FIG. 1 illustrates one embodiment of a top level block diagram of a central processing unit;
FIG. 2 depicts a block diagram of a portion of a bus interface unit of FIG. 1; and
FIG. 3 illustrates a block diagram of a portion of a memory management unit of FIG. 1.
While the invention is susceptible to various modifications and alternative forms, specific embodiments thereof have been shown by way of example in the drawings and are herein described in detail. It should be understood, however, that the description herein of specific embodiments is not intended to limit the invention to the particular forms disclosed, but on the contrary, the intention is to cover all modifications, equivalents, and alternatives falling within the spirit and scope of the invention as defined by the appended claims.
Illustrative embodiments of the invention are described below. In the interest of clarity, not all features of an actual implementation are described in this specification. It will of course be appreciated that in the development of any such actual embodiment, numerous implementation-specific decisions must be made to achieve the developers' specific goals, such as compliance with system-related and business-related constraints, which will vary from one implementation to another. Moreover, it will be appreciated that such a development effort might be complex and time-consuming, but would nevertheless be a routine undertaking for those of ordinary skill in the art having the benefit of this disclosure.
The present invention will now be described with reference to FIGS. 1-3. In general, the present invention is directed to a central processing unit 100 with advanced controls for managing virtual to physical address translations. The central processing unit 100 may take on any of a variety of forms, such as a microprocessor. The microprocessor architecture illustrated herein is an X86 type, but the instant invention may find application in other CPU architectures.
As shown in FIG. 1, the CPU 100 includes a plurality of functional blocks, such as an execution unit 102, registers 104, a memory management unit (MMU) 106, a bus interface unit 108, instruction fetch unit 110, and an instruction decode unit 112. More or fewer functional blocks may be included within a particular embodiment of the CPU 100; however, for an understanding of the instant invention it may be useful to at least briefly describe the interaction of the functional blocks 102-112.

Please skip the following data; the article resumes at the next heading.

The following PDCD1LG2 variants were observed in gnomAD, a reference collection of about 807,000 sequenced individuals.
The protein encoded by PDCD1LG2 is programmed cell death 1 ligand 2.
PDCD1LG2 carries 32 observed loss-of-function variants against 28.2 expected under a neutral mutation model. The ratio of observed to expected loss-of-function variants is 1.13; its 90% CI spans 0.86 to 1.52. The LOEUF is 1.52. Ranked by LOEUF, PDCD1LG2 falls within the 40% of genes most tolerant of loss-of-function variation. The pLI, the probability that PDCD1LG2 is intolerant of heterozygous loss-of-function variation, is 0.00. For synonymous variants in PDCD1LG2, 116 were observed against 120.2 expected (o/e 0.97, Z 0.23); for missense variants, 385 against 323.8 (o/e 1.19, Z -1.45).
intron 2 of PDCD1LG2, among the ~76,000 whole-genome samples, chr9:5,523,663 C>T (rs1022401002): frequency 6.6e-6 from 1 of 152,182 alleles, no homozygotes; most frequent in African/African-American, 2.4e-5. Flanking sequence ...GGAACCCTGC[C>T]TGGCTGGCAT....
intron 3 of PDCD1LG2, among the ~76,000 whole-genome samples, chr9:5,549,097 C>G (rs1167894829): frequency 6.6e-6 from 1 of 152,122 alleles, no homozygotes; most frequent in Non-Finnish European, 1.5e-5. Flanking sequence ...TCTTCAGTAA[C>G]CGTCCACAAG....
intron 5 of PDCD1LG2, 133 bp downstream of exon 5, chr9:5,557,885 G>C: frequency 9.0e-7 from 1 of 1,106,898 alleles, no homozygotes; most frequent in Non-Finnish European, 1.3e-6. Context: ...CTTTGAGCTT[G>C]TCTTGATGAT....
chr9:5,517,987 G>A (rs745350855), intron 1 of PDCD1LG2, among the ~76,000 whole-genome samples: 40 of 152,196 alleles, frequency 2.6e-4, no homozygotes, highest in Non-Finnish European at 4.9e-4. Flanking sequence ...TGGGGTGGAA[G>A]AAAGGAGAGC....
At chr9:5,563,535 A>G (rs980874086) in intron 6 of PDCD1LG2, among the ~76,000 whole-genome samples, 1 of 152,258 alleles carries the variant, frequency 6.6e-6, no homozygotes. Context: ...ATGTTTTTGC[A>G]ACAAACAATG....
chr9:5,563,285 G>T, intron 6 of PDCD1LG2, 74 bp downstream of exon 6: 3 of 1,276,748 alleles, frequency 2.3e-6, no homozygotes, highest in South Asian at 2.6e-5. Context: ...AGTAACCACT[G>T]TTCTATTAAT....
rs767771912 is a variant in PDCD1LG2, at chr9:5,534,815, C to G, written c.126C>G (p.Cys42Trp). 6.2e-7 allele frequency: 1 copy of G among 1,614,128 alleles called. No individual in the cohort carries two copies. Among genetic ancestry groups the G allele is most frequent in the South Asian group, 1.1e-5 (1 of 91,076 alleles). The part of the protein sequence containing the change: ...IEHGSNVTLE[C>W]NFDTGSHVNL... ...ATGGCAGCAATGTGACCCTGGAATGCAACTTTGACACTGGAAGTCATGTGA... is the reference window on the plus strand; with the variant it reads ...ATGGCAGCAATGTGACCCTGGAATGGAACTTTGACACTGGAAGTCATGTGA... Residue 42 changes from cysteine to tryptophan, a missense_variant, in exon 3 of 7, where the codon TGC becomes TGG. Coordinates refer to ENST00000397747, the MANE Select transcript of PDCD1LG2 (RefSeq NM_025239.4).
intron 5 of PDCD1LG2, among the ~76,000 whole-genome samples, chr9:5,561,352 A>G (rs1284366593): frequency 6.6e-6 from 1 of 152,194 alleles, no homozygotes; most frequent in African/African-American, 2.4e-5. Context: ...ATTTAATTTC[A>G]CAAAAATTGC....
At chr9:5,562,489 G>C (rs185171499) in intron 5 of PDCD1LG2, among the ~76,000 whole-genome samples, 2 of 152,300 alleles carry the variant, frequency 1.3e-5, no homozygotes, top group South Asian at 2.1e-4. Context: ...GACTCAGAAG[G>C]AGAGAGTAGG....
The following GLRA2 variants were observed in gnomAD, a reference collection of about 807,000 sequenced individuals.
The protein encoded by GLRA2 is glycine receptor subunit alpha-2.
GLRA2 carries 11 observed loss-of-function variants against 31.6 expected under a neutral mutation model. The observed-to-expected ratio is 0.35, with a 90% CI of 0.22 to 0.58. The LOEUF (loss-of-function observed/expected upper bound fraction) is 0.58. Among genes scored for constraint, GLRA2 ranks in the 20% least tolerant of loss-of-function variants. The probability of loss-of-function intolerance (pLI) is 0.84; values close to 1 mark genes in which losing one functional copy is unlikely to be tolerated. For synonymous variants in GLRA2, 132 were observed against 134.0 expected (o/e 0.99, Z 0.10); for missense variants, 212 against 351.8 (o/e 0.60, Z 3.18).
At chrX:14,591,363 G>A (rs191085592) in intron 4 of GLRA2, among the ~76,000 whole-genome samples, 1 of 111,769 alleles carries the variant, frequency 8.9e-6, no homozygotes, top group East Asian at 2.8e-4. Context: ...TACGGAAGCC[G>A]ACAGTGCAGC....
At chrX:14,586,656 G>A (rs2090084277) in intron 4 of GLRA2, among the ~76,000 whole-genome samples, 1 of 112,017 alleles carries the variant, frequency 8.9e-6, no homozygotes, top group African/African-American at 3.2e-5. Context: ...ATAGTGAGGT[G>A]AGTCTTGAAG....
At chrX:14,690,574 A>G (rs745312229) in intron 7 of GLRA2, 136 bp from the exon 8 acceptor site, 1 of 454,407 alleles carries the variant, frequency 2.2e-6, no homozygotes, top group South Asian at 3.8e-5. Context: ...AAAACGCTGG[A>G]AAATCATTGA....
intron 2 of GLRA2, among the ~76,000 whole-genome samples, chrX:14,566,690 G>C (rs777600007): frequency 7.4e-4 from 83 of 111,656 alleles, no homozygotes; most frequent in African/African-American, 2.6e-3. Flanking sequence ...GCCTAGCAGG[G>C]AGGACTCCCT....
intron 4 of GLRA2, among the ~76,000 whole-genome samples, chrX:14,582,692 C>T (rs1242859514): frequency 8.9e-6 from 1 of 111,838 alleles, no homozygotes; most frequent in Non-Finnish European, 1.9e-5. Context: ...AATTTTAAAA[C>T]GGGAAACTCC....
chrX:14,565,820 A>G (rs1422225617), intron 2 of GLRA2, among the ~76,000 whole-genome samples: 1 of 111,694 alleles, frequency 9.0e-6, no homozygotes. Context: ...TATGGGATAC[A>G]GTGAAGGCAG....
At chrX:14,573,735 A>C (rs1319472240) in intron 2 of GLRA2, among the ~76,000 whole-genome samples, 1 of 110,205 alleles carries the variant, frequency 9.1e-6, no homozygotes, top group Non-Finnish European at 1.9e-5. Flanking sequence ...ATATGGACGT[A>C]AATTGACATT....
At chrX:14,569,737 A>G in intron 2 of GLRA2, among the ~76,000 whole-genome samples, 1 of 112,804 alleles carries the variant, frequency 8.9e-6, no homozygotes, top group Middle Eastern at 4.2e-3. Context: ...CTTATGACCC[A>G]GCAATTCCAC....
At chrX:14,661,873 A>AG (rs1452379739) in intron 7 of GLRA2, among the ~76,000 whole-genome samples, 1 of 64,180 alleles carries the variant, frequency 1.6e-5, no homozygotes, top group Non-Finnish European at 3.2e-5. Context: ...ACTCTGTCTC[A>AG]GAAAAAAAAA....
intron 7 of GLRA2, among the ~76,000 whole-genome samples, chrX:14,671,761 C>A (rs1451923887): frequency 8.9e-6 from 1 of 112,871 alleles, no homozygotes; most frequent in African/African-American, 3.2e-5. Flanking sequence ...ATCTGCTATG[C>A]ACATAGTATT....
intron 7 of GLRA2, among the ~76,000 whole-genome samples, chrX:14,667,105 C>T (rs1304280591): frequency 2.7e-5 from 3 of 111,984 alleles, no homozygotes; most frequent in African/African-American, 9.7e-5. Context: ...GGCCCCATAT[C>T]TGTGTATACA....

The execution unit 102 is generally responsible for the execution of each instruction in a software program. The execution unit 102 generally contains a control unit (not shown) and an arithmetic logic unit (ALU, not shown). The control unit controls the individual steps performed in executing the instructions, and the ALU provides standard computational capabilities for the registers 104.
The instructions to be executed by the execution unit 102 are provided to the execution unit 102 by the instruction decode unit 112. The instruction decode unit 112 may operate to provide some initial processing or decoding of each instruction before delivering the instruction to the execution unit 102. Commonly, the instructions, at least initially, are stored in memory (not shown) external to the CPU 100, and, thus, must be retrieved into the CPU 100 before they can be executed. The instruction fetch unit 110 is generally responsible for controlling the process of retrieving the instructions from memory.
The instruction fetch unit 110 “knows” the virtual or logical address of the instructions to be retrieved from memory, but not the physical address. Thus, the instruction fetch unit 110 passes its request for the instructions to the MMU 106. The MMU 106 is generally responsible for translating the virtual or logical address provided by the instruction fetch unit 110 to its corresponding physical address. This physical address is delivered to the bus interface unit 108. Generally, the bus interface unit 108 independently interacts with the external memory to receive information from and deliver information thereto. This information can be in the form of data and/or instructions. Thus, the bus interface unit 108 delivers the physical address provided by the MMU 106 over a bus to the external memory in the form of a load or read operation. The external memory responds to the load or read operation by delivering the contents of the requested memory address to the bus interface unit 108. The bus interface unit 108 then forwards the retrieved contents, which in this case is an instruction(s), to the instruction fetch unit 110.
The MMU 106 may also be accessed by the execution unit 102. For example, during the execution of instructions, the execution unit 102 routinely encounters instructions that require a memory reference, such as storing to or reading from a specified memory address. These addresses are also logical or virtual addresses, and thus, are translated by the MMU 106 into physical addresses. The MMU 106 forwards the corresponding physical address to the bus interface unit 108 so that an operation requested by the instruction may be carried out on the appropriate physical address, e.g., read, store, etc.